ORGANISERS, performers and fans of live music can reflect today (Monday) on a fabulous Stortford Music Festival.
The two-day event in the grounds of St Mary’s Catholic School in Windhill made a welcome return at the weekend after a hiatus in 2012.
It featured some 35 acts, ranging from solo singer-songwriters to 10-piece bands, largely unsigned local and regional talent with a smattering of household names – all performing on two undercover stages through Saturday and Sunday and into the late evenings.
But, true to its community ethos, the festival offered so much more to visitors of all ages than purely great live music.
After actor Rupert Grint had cast his spell over Harry Potter fans with an appearance at the festival on Saturday, the focus yesterday (Sunday) was very much on some real-life young wizards of the musical kind.
The 24-year-old – known to millions worldwide as Ron Weasley in the films adapted from J K Rowling's best-sellers – was there to see his singer-songwriter sister Samantha perform as The Ghost of Samantha.
Rupert fitted in among the crowd in black trousers, a black T-shirt bearing the slogan "Cult Member", a burgundy hoodie and sunglasses.
He is no stranger to Hertfordshire: he was born in Stevenage and attended Richard Hale School in Hertford. His family – he is the eldest of five brothers and sisters – live at Watton-at-Stone.
The dual headliners on Saturday were disco tribute band Uncle Funk and hard rock outfit The Quireboys, “Britain’s answer to Poison”, who enjoyed success in the late 80s and early 90s, with their debut album, A Bit of What You Fancy, reaching No 2 in the UK charts.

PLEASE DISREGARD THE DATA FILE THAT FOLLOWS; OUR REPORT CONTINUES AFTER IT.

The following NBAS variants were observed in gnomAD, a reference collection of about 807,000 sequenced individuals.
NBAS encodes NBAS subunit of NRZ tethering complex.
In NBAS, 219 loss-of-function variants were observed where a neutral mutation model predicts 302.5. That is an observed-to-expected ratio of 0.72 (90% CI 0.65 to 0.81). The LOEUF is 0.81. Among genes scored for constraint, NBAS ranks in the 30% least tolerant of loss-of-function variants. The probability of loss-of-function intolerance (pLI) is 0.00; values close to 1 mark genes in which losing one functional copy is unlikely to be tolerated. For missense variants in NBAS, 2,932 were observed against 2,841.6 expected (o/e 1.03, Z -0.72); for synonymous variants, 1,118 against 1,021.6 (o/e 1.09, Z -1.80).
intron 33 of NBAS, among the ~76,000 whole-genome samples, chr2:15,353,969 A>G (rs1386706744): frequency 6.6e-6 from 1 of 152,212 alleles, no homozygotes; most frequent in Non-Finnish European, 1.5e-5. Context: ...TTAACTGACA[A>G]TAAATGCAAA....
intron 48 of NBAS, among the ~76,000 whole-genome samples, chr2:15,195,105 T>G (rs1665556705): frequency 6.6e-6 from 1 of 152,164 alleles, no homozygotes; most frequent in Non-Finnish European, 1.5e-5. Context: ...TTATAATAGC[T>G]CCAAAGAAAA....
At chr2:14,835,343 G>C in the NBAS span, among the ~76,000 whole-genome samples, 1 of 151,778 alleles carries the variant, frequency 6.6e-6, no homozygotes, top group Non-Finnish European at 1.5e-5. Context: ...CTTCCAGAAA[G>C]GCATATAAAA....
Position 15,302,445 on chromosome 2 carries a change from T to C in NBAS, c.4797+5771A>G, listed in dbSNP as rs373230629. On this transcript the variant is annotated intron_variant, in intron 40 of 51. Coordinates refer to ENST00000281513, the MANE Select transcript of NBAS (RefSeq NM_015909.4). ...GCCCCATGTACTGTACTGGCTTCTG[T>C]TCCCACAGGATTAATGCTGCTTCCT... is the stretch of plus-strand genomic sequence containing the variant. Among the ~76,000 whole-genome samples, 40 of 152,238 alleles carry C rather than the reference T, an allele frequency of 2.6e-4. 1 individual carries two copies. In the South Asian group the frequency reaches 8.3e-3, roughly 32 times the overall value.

Stortford firm favourites Mozzy Green and The Strangerhood were joined on the two stages throughout the day by the likes of Farnham-based singer-songwriter Elliot Porter, The Broken Chords, Death by Sexy, Fred’s House, Dirty Lions, Fallen From, The Rise, Navacross, Tom Dibb, Governors Luck, Nothing, Jerry Nineacres, Troika, Harlow College band Wonder Pony and the Bishop's Stortford Ukulele Society.
Sunday’s headliners were Liverpool-based 80s and 90s pop-soul hitmakers The Christians, whose 1987 eponymous debut album contained their first five UK hit singles, including Forgotten Town, Ideal World and Born Again.
Preceding them on the main stage were Wood Cut, Daisy Lewis, Jamie Fallon, Theo Howarth, Charlie Turner, Oka Vanga, The 150 Friends Club, Aliceband, Raided by Waves and North East “industrial folk collective” The Jar Family.
Stage two hosted JJ and the Swordfish, Luke Silver, Stolen Horse, Dan Starr, Shakila, David Youngs, The Valaitis Brothers, 27 Strings, Nate Maingard, Beaten Track, Jack in Water, Death Surf and Benjamin Bloom.
It was 27 Strings – a band comprising 10 students of the Bishop’s Stortford High School, including an 11-year-old fiddler – who generated the biggest buzz yesterday with a folk set which had the Stage 2 marquee jammed with, and surrounded by, onlookers.
Youngsters from the Livewire Rock Academy kicked things off with a set of classic rock covers, and there were performances from the Belly Belles belly dancing troupe and the Burlesque Jems.
There was a special zone for children, where they could enjoy music workshops, art activities, a graffiti wall, face painting and body art, story tellers, magicians and a bouncy castle.
The only bum note was sounded on Twitter by newly re-elected Herts county councillor Colin Woodward, who said that he had been called by a councillor who had received noise complaints from Chantry Road residents and added that the event could be heard in Parsonage Lane.
When one of his followers, Gary Aldam, replied: “People need to chill a bit. Lucky to have something so wonderful on our doorstep”, Cllr Woodward responded: “Perhaps not if they chose not to go/hear it; seeking to quietly ‘chill’ at home a long way away.”